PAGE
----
IKEA’s “Better Shelter” has been awarded the Beazley Design of the Year award, presented by the Design Museum in London. It was designed to support millions of refugees living under poor conditions. It shares a lot in common with the Pritzker Award-winning Japanese architect Shigeru Ban’s “Open house with condensed core” exhibited at House Vision 2016.
Both stand out in their simple, yet beautiful structures. And that minimalist structure is the result of hands-on efforts to provide maximum comfort from minimal resources for people who tragically lost their sweet home.
Much like Better Shelter, which has been deployed under partnership with UNCHR (UN Refugee Agency), Ban has worked with UNCHR to provide shelters for refugees in Rwanda in the 90’s. Ever since, he has been working extensively to provide shelters to displaced people, mostly in regions hit hard by natural disasters such as earthquakes and typhoons. (Read more about Ban’s tireless efforts to provide disaster victims with comfortable shelters)
Although the issue of refugees sounds like a crisis happening far away, the risk of losing your home is starting to loom all of us, including those who do not live in politically unstable areas.
The tectonic plates are becoming very active. Large earthquakes keep rattling various areas of the world. The climate is changing. Extreme weather such as floods, landslides and wildfires are washing away and burning down many homes, and are intensifying. In addition to that, the global population keeps growing exponentially, inviting increased conflicts over limited resources. There are more people on Earth, which is becoming increasingly volatile. Temporary housing and shelters will only increase its importance.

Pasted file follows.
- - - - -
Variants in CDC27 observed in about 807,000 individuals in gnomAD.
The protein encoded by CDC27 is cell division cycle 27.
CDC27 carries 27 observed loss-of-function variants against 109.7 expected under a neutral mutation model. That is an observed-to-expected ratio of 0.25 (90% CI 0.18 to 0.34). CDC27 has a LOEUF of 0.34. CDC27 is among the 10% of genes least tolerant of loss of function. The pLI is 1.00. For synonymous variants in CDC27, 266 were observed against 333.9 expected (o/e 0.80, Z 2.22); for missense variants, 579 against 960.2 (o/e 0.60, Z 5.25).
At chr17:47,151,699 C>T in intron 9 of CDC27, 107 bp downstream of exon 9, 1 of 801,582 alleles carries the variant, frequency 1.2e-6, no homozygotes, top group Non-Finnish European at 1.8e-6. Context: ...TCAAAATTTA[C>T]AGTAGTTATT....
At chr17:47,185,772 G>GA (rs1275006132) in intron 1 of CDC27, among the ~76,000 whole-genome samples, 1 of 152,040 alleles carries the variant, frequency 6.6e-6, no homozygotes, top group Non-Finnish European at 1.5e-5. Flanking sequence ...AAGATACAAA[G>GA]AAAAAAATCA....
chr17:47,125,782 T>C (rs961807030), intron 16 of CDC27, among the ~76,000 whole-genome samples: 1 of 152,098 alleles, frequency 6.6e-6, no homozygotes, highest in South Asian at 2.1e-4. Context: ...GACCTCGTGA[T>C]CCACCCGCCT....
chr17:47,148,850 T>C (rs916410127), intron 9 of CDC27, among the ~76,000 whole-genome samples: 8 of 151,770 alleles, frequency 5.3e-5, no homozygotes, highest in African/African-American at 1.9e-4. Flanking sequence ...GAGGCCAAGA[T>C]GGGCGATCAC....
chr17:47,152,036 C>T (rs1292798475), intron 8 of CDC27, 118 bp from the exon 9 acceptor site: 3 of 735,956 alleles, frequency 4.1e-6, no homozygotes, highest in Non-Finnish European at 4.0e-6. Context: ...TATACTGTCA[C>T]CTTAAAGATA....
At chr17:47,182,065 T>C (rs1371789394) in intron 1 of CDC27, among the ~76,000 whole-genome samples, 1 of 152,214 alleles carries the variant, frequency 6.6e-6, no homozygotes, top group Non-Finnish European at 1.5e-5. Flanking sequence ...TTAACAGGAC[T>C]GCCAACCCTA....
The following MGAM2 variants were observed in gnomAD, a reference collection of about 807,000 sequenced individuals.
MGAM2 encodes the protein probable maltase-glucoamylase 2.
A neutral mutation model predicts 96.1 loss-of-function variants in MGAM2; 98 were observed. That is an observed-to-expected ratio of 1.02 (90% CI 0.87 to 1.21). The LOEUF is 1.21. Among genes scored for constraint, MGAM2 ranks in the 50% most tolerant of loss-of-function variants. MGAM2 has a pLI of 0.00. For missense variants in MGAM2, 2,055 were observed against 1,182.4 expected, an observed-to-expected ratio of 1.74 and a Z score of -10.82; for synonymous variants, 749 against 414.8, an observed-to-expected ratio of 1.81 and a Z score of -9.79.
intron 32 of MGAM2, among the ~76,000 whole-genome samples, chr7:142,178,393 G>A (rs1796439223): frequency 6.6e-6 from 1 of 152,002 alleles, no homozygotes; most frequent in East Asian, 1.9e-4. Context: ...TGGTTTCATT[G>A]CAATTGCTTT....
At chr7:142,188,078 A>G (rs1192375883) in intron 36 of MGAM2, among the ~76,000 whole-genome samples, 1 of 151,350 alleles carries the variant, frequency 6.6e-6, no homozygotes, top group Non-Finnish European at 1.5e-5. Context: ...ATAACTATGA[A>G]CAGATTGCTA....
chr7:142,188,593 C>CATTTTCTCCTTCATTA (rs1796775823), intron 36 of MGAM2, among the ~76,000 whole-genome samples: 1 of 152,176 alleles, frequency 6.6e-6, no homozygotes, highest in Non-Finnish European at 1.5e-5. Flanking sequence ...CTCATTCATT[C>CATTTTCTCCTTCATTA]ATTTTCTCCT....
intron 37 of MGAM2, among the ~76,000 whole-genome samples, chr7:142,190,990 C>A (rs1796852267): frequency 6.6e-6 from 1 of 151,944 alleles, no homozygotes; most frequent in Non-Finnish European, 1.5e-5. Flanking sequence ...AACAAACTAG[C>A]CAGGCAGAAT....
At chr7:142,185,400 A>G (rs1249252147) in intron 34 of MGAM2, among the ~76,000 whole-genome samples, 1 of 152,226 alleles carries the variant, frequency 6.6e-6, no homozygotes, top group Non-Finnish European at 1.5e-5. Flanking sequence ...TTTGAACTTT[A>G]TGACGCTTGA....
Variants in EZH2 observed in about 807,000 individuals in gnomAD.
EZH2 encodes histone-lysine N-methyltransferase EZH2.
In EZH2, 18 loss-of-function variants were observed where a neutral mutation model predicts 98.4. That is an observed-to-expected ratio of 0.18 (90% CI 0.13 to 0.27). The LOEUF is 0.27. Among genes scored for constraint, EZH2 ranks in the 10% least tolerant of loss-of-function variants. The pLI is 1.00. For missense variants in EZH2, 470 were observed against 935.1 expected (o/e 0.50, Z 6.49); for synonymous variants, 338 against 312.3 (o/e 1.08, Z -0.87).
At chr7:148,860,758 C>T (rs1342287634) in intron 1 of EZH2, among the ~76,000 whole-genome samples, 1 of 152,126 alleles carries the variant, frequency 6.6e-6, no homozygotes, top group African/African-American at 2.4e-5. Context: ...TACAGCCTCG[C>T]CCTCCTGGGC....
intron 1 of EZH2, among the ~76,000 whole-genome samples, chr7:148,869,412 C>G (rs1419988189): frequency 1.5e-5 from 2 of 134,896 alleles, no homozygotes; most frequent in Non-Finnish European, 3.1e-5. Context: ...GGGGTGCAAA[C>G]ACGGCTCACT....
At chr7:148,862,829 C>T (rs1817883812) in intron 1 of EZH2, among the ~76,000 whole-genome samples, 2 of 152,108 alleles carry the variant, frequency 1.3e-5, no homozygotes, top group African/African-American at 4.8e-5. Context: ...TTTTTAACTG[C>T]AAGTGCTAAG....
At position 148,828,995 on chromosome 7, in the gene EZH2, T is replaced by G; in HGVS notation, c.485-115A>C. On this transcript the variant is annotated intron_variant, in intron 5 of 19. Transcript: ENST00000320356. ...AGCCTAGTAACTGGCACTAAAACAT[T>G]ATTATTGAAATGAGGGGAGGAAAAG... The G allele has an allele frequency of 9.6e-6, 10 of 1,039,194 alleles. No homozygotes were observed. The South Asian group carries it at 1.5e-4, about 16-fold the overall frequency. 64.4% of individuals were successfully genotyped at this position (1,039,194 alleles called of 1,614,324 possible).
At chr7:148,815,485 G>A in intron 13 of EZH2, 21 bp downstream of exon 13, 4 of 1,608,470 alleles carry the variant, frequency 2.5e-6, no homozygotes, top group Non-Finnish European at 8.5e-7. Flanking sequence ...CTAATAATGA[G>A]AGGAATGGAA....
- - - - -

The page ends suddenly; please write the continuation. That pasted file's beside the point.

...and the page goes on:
Architects work in-between the threats posed by nature and humans. They may be the first ones to sense intensifying risks, and Better Shelter and Ban’s works might be the materialization of their keen sensitivities towards such risks.
Our house is considered one of the largest economic investments for us. We spend 5 or 6 times of our annual salary, and tend to think it’s the money we must forego. But exactly because we spend so much money for something that’s fixed on land with a rigid structure and hard walls, we become stuck with it. It’s not something we can edit flexibly, or something that can cope with emergencies resiliently. Soon, disadvantages caused by that rigidness of our sweet home may start exceeding the benefits achieved by its stability. Things are starting to look uncertain.
So when Ban imagined the “future of living” for House Vision 2016, one of his priorities was to free a house from such disadvantages, while maintaining comfort, functionalities and aesthetics.
Some of his vision for future house:
- Easy to build
- Flexibility, editability and agility
“Open house with condensed core” at the exhibition was built to accommodate two people, and is about 500 square feet. It’s tiny. He believes it could be built for as low as $50,000, because it applies some revolutionary ideas. First, it bundles water-related activities (bathroom and kitchen) as a “core” of living. This core system has been developed by LIXIL, a leading housing solution provider in Japan. The bundle can sit anywhere in the house because the water pipes are installed in the attic. This is game-changing because water pipes are now free from the structure. At any point of construction (even after construction), the bundles can be installed anywhere the owner would like.